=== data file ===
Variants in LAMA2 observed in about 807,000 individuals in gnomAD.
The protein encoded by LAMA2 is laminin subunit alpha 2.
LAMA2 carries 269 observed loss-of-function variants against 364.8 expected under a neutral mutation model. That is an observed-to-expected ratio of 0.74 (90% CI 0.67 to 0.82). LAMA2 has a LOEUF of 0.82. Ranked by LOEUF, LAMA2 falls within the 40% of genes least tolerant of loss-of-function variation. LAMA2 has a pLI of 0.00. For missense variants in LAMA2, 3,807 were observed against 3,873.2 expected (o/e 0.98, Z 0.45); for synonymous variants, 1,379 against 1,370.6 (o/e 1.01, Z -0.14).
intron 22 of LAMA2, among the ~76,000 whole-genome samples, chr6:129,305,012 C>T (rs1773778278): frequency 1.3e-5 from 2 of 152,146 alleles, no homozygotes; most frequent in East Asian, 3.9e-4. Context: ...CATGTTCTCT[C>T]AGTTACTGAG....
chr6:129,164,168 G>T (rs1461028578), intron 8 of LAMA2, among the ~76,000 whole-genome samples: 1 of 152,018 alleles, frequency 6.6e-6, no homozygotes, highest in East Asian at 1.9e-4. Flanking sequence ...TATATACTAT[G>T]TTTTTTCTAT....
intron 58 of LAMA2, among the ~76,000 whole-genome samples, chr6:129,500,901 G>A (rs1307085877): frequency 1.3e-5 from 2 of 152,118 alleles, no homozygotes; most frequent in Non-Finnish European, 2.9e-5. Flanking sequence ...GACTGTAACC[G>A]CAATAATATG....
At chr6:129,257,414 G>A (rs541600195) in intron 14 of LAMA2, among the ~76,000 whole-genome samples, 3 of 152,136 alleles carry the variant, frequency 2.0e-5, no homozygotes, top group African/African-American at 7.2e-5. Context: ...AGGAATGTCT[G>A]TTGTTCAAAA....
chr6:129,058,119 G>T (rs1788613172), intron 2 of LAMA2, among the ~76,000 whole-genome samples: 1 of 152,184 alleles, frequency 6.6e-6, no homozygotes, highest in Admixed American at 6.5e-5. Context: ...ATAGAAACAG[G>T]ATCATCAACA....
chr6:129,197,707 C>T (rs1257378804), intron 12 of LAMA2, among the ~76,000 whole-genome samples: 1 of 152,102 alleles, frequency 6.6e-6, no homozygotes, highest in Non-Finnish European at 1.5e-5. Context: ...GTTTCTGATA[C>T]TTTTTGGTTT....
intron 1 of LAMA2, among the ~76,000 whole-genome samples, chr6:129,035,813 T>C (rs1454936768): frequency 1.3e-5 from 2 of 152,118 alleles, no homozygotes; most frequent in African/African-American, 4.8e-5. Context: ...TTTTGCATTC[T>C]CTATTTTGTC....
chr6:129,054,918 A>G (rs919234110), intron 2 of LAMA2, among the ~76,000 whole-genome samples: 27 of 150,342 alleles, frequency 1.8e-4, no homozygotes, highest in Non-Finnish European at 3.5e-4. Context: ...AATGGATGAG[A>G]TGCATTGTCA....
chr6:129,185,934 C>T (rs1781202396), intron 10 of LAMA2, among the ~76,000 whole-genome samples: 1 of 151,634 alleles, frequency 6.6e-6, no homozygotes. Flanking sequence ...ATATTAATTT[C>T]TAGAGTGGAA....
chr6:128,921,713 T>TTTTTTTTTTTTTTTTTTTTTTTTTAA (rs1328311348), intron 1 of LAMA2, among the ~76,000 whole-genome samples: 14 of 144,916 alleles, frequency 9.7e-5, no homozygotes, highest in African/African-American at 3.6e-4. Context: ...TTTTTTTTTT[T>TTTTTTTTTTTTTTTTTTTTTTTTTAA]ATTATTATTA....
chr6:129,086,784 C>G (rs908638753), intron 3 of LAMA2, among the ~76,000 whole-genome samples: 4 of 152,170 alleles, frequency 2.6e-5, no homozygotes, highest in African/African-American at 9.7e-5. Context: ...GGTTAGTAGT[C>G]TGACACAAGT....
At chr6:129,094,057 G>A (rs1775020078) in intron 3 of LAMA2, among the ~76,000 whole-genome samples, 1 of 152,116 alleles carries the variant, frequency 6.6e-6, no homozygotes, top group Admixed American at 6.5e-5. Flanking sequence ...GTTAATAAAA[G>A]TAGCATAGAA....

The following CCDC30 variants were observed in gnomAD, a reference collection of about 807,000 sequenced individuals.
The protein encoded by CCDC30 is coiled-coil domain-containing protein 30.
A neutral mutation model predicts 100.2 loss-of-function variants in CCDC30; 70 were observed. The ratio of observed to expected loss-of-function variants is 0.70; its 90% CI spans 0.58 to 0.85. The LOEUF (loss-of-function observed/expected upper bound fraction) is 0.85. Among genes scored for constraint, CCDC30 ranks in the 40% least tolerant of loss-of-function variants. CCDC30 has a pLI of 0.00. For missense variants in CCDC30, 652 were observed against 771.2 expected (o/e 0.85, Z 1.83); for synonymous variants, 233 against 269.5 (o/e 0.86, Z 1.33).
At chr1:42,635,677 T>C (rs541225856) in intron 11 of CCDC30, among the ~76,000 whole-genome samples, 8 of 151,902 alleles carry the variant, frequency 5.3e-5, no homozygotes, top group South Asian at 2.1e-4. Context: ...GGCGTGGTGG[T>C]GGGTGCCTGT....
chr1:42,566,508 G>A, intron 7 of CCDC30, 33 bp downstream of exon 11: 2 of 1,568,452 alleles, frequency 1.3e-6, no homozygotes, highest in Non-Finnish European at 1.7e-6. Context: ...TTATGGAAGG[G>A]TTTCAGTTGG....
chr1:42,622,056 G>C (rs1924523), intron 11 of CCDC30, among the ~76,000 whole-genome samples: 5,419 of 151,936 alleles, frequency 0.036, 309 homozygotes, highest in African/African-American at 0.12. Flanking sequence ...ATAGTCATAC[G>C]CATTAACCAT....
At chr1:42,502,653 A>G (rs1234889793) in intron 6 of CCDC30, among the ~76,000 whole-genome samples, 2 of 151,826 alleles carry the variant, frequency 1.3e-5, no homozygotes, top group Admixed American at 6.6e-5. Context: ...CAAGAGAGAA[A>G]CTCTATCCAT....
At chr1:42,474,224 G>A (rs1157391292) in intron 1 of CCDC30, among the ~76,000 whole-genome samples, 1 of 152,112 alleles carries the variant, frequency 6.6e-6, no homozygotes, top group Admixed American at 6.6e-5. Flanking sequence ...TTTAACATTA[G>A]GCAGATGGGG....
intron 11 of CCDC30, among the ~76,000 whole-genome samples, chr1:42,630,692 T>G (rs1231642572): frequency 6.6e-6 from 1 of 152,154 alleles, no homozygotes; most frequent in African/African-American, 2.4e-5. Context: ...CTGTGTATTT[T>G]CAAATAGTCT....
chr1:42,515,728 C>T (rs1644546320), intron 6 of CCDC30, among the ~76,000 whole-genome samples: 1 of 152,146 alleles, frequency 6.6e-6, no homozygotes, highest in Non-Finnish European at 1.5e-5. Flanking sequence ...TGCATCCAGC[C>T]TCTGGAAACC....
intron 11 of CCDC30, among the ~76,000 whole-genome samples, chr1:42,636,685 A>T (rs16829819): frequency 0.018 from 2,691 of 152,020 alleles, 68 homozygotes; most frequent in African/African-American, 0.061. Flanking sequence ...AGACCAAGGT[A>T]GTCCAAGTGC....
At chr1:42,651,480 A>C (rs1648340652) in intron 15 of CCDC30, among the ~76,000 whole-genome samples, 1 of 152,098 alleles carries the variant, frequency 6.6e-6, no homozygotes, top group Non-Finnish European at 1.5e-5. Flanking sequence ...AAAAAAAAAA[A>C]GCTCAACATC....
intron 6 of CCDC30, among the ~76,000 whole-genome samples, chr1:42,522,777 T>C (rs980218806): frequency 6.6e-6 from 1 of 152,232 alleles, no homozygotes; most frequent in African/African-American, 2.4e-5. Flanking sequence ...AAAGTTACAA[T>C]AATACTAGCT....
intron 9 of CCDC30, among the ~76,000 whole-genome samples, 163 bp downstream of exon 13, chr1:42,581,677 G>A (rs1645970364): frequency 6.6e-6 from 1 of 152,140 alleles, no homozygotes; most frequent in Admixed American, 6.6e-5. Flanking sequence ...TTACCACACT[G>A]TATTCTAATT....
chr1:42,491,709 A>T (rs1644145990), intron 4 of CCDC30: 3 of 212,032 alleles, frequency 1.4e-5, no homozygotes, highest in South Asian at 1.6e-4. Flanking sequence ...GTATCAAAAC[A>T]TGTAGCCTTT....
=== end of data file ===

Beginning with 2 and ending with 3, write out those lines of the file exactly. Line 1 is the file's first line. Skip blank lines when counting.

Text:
The protein encoded by LAMA2 is laminin subunit alpha 2.
LAMA2 carries 269 observed loss-of-function variants against 364.8 expected under a neutral mutation model. That is an observed-to-expected ratio of 0.74 (90% CI 0.67 to 0.82). LAMA2 has a LOEUF of 0.82. Ranked by LOEUF, LAMA2 falls within the 40% of genes least tolerant of loss-of-function variation. LAMA2 has a pLI of 0.00. For missense variants in LAMA2, 3,807 were observed against 3,873.2 expected (o/e 0.98, Z 0.45); for synonymous variants, 1,379 against 1,370.6 (o/e 1.01, Z -0.14).